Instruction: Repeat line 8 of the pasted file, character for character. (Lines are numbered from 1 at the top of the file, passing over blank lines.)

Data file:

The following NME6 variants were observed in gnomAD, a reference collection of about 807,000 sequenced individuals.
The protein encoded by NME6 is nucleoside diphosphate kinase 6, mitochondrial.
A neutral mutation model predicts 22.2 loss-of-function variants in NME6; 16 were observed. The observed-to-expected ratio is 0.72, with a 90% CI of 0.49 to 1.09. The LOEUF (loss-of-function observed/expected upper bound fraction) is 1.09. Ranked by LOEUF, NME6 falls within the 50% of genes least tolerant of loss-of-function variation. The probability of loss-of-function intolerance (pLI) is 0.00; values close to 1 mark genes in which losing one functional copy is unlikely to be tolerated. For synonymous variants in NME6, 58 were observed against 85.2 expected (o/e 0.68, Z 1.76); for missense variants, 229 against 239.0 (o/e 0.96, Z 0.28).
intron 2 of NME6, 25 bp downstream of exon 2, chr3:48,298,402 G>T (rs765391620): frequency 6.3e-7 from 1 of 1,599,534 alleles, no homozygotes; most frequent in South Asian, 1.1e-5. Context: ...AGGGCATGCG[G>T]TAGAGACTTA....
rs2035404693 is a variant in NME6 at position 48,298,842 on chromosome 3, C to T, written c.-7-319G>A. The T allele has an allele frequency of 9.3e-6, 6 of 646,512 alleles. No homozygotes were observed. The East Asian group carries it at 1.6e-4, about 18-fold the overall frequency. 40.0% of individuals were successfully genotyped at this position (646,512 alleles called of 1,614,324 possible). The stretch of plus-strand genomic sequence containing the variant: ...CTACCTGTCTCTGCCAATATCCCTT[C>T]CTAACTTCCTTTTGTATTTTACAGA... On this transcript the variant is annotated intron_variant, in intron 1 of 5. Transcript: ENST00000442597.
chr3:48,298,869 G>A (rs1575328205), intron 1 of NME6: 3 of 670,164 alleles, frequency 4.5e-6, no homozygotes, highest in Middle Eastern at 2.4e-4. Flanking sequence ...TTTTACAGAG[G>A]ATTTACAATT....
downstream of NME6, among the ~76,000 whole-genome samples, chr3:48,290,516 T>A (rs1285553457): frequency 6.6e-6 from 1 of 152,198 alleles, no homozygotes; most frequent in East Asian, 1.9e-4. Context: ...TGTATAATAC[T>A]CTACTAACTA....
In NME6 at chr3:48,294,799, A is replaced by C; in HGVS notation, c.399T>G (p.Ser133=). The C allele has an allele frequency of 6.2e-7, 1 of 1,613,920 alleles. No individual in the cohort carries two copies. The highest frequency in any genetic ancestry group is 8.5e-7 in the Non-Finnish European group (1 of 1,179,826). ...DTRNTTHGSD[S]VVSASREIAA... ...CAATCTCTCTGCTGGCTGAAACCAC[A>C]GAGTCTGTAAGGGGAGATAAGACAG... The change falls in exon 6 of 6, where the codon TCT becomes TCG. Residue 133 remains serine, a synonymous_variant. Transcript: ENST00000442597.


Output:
In NME6 at chr3:48,294,799, A is replaced by C; in HGVS notation, c.399T>G (p.Ser133=). The C allele has an allele frequency of 6.2e-7, 1 of 1,613,920 alleles. No individual in the cohort carries two copies. The highest frequency in any genetic ancestry group is 8.5e-7 in the Non-Finnish European group (1 of 1,179,826). ...DTRNTTHGSD[S]VVSASREIAA... ...CAATCTCTCTGCTGGCTGAAACCAC[A>C]GAGTCTGTAAGGGGAGATAAGACAG... The change falls in exon 6 of 6, where the codon TCT becomes TCG. Residue 133 remains serine, a synonymous_variant. Transcript: ENST00000442597.